Florence Turner also worked in the film business; she was a theatre scout (a “minor executive, a term that still sounds ridiculous,”) for MGM in New York in 1964 when good fortune (for her and her readers) landed her at the Chelsea Hotel, which would become her home for many years. Much has been written about the Chelsea and its storied guests (including Thomas Wolfe, Leonard Cohen, Dylan Thomas, Jimi Hendrix, Mark Twain, Sid Vicious, Arthur Miller, Patti Smith, Bob Dylan and Janis Joplin), but Turner’s At the Chelsea isso much more than who-slept-here-and-with-whom book. It is the self-portrait of a very perceptive older woman (that is, around my age—mid-50s) who is as honest with (and about) herself as she is kind and perceptive about the people she meets.
A refugee from the Upper East Side (after several neighborhood murders and a break in of her apartment), Turner found a home at the Chelsea and quickly came to appreciate the hotel’s unusual zeitgeist: “the rare quality of the place where we could be ourselves without the wariness or the sense of critical eyes. We could work and dream and even starve with the knowledge that we were not alone, or as far as possible as it is not to be alone.”
While conveying her love and respect for the hotel denizens and staff, Turner observes them in all their weird glory. Her voice and sense of the absurd are hard to resist. One of the most celebrated inhabitants of the Chelsea was composer Virgil Thomson, famed for his Four Saints in Three Acts (written with Gertrude Stein). Turner encountered Thomson in the hotel lobby one day, “carrying his dirty laundry.” When he noticed she was reading a biography of Edith Piaf, Thomson told her “she lived in the house, you know.” Turner later learned that Thomson, who had been the music critic of the Herald Tribune, came to the defense of the greatchanteuse when other reviewers savaged her performances—and then brought “the little sparrow” home to roost at the Chelsea. Turner’s interweaving of the banal and the immortal is charming—and I especially appreciate that sack of soiled clothing.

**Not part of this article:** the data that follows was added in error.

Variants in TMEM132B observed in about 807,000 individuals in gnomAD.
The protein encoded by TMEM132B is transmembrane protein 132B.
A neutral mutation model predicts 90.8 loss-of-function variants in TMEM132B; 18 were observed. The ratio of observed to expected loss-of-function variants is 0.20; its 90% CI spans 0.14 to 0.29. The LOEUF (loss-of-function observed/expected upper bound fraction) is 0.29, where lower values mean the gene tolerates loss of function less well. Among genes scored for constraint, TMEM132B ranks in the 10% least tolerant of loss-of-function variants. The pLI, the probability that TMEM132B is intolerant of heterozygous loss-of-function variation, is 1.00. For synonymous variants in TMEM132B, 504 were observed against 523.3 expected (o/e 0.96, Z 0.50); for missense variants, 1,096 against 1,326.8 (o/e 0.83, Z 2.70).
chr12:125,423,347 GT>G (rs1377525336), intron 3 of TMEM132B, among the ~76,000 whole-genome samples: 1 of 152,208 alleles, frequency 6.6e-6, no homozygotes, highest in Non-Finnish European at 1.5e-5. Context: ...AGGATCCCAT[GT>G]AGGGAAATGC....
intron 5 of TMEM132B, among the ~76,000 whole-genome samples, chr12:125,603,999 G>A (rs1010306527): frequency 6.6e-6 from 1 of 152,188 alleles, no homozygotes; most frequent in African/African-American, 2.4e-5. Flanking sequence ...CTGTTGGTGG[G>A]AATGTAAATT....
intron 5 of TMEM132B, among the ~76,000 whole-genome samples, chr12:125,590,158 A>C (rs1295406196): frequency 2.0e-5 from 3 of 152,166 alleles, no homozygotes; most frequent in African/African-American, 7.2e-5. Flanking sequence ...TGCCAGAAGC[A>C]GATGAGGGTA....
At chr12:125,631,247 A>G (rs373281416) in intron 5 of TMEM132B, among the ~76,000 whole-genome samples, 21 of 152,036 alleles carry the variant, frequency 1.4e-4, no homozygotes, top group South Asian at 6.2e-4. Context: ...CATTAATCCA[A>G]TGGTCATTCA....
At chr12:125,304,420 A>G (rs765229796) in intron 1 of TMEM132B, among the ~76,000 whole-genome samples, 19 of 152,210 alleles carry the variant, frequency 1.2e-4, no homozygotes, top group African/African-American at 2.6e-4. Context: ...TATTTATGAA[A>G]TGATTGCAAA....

Turner is not a great airer of dirty laundry—but she does not go out of her way to hide it either. During her tenure at the Chelsea, the hotel’s owner, Stanley Bard welcomed artists, writers, musicians, dancers and filmmakers and sometimes overlooked their delinquent payments… at least for a while. When times got especially lean, Bard would rent rooms to pimps—at double the price he usually charged. As Turner writes, “the pimps were, unknowingly, patrons of the arts.”
Turner brings great attention and affection to all the people she came to know at the hotel. Of Irene, the maid on her floor, she wrote: “she was black and from the South, with a healthy cynicism, a regal bearing and huge kindness… Later, when I was jobless, her friendship proved to have great depth.” She was well acquainted with the members of the hotel staff and tells each one’s story with care—Charles Beard, captain of the bellman was a church warden and had trained as a welter-weight with Canada Lee; John Dorman, the night man, was a talented actor whose imposing size made it hard to find jobs; Josephine Brickman, the queen of the switchboard, had been a telephone operator with the WACS in World War II England.